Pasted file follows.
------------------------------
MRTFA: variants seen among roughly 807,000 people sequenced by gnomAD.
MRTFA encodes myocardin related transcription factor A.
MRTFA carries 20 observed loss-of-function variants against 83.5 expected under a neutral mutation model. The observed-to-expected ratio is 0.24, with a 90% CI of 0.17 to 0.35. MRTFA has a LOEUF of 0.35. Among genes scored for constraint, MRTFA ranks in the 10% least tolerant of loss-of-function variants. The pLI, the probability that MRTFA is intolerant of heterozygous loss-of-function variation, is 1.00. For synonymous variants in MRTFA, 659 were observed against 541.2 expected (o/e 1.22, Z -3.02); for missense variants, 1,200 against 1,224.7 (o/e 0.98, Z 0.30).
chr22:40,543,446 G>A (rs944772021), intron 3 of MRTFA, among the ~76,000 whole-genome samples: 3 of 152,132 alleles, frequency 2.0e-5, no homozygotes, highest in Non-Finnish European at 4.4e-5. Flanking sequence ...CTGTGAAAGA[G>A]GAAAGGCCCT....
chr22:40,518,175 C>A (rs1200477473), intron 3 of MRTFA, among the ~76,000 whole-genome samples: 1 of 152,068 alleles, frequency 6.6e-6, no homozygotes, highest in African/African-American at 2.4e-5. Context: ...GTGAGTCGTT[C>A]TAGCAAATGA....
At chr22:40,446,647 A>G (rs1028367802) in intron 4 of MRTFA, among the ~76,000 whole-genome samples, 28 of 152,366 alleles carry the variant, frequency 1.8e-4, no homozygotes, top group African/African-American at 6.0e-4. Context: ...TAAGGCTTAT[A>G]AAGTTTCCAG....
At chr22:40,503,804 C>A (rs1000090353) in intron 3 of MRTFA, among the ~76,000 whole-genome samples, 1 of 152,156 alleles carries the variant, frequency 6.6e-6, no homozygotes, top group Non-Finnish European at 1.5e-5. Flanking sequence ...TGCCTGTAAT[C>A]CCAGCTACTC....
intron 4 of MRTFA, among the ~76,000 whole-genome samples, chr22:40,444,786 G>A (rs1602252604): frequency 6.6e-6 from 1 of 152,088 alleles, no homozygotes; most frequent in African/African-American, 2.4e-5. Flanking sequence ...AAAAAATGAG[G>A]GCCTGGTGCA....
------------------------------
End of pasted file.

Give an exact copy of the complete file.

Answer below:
MRTFA: variants seen among roughly 807,000 people sequenced by gnomAD.
MRTFA encodes myocardin related transcription factor A.
MRTFA carries 20 observed loss-of-function variants against 83.5 expected under a neutral mutation model. The observed-to-expected ratio is 0.24, with a 90% CI of 0.17 to 0.35. MRTFA has a LOEUF of 0.35. Among genes scored for constraint, MRTFA ranks in the 10% least tolerant of loss-of-function variants. The pLI, the probability that MRTFA is intolerant of heterozygous loss-of-function variation, is 1.00. For synonymous variants in MRTFA, 659 were observed against 541.2 expected (o/e 1.22, Z -3.02); for missense variants, 1,200 against 1,224.7 (o/e 0.98, Z 0.30).
chr22:40,543,446 G>A (rs944772021), intron 3 of MRTFA, among the ~76,000 whole-genome samples: 3 of 152,132 alleles, frequency 2.0e-5, no homozygotes, highest in Non-Finnish European at 4.4e-5. Flanking sequence ...CTGTGAAAGA[G>A]GAAAGGCCCT....
chr22:40,518,175 C>A (rs1200477473), intron 3 of MRTFA, among the ~76,000 whole-genome samples: 1 of 152,068 alleles, frequency 6.6e-6, no homozygotes, highest in African/African-American at 2.4e-5. Context: ...GTGAGTCGTT[C>A]TAGCAAATGA....
At chr22:40,446,647 A>G (rs1028367802) in intron 4 of MRTFA, among the ~76,000 whole-genome samples, 28 of 152,366 alleles carry the variant, frequency 1.8e-4, no homozygotes, top group African/African-American at 6.0e-4. Context: ...TAAGGCTTAT[A>G]AAGTTTCCAG....
At chr22:40,503,804 C>A (rs1000090353) in intron 3 of MRTFA, among the ~76,000 whole-genome samples, 1 of 152,156 alleles carries the variant, frequency 6.6e-6, no homozygotes, top group Non-Finnish European at 1.5e-5. Flanking sequence ...TGCCTGTAAT[C>A]CCAGCTACTC....
intron 4 of MRTFA, among the ~76,000 whole-genome samples, chr22:40,444,786 G>A (rs1602252604): frequency 6.6e-6 from 1 of 152,088 alleles, no homozygotes; most frequent in African/African-American, 2.4e-5. Flanking sequence ...AAAAAATGAG[G>A]GCCTGGTGCA....